The Door to Death

originalJust how much social responsibility is enough? Maybe train ourselves to close the tap while brushing the teeth?  Or maybe a hybrid car will do? Or maybe even eco-terrorism can be justified from a certain point of view? How far into the future do we think when we talk about environment?

I watched a documentary on the nuclear waste disposal about an year ago and could not just put it out of my mind since then. It’s called “Into Eternity. A Film for the Future”, by Michael Madsen.  Apparently a spent nuclear fuel repository is being constructed in a place called Onkalo, in Finland. Once finished in 2020 all the nuclear waste from all over the world for another 100 years (up to 2120) will be deposited there and sealed for 100 000 years. This is how long the waist remains toxic.

The questions pressed in the film remained mainly unanswered.  And here’s why: Mankind is 50 000 years old, Egyptian Pyramids are 5 thousand years old. Jesus was born 2000 years ago. Just to show how long is 100 000 years – very long. If life on earth comes to an end tomorrow, in 100 000 years there might be new life forms on this planet. If we are still around by then, we will be definitely   different from today. And which path a mankind is going to choose, path of development or path of self destruction is a another question.OH3pCyQ

The author pushes the scientists to prove to him that the whole idea of tucking away the deadly waste is going to be safe for all 100 000 years. How will people know not to open the door of death to the repository, let’s say in 50 000 years from now? The scientists shrug their shoulders and seem to be giving an answer because they are expected to say something – “We will POSIVA 26052011 Olkiluoto Onkalo, ajotiehave signs in all UN languages” (about 30 of them). Besides there will be certain authorities that will make it their duty to pass the responsibility from generation to generation. What, for 100 000 years? I don’t think so. So many civilizations have died throughout the history that is known to us. Only 5000 years later we do not understand the language of the builders of pyramids and still in the process of decoding it. Scientists and linguists can’t agree of exact meaning of the words in the language of Jesus. So who can insist that by the time the waste is not toxic anymore we will be speaking any of the UN languages?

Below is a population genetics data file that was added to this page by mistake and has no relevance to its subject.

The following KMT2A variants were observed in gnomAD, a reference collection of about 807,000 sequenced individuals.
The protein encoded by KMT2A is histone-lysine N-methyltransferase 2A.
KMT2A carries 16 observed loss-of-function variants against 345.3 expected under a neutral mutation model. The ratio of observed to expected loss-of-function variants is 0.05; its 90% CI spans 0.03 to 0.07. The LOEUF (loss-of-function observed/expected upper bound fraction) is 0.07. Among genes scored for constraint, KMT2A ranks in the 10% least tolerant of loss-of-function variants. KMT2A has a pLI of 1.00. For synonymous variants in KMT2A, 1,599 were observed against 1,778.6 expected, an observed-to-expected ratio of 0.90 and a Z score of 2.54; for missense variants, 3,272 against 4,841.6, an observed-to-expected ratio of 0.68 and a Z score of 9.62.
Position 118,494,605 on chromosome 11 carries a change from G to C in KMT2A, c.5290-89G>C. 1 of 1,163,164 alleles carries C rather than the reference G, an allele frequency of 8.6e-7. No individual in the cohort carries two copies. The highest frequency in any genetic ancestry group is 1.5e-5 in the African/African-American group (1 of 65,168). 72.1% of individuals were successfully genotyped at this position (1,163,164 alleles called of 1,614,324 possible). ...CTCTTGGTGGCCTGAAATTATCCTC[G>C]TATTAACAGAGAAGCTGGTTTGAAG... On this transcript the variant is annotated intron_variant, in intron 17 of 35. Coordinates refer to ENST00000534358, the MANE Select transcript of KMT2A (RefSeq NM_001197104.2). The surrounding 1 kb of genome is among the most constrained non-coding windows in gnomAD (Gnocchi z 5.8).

What if our civilization dies and a new springs up in its place, new and powerful, developed and advanced. Can anyone insist that scientific advancement is impossible without using nuclear power? What if this new civilization achieved much higher levels of development without knowing what nuclear power is? And then, being same curious creatures as we are, they will need to know what is so precious buried in the solid rocks  of Onkalo, that is so elaborately hidden?movie poster

Too far into the future to think or worry about it? Probably, but I can’t get rid of this “What If?”.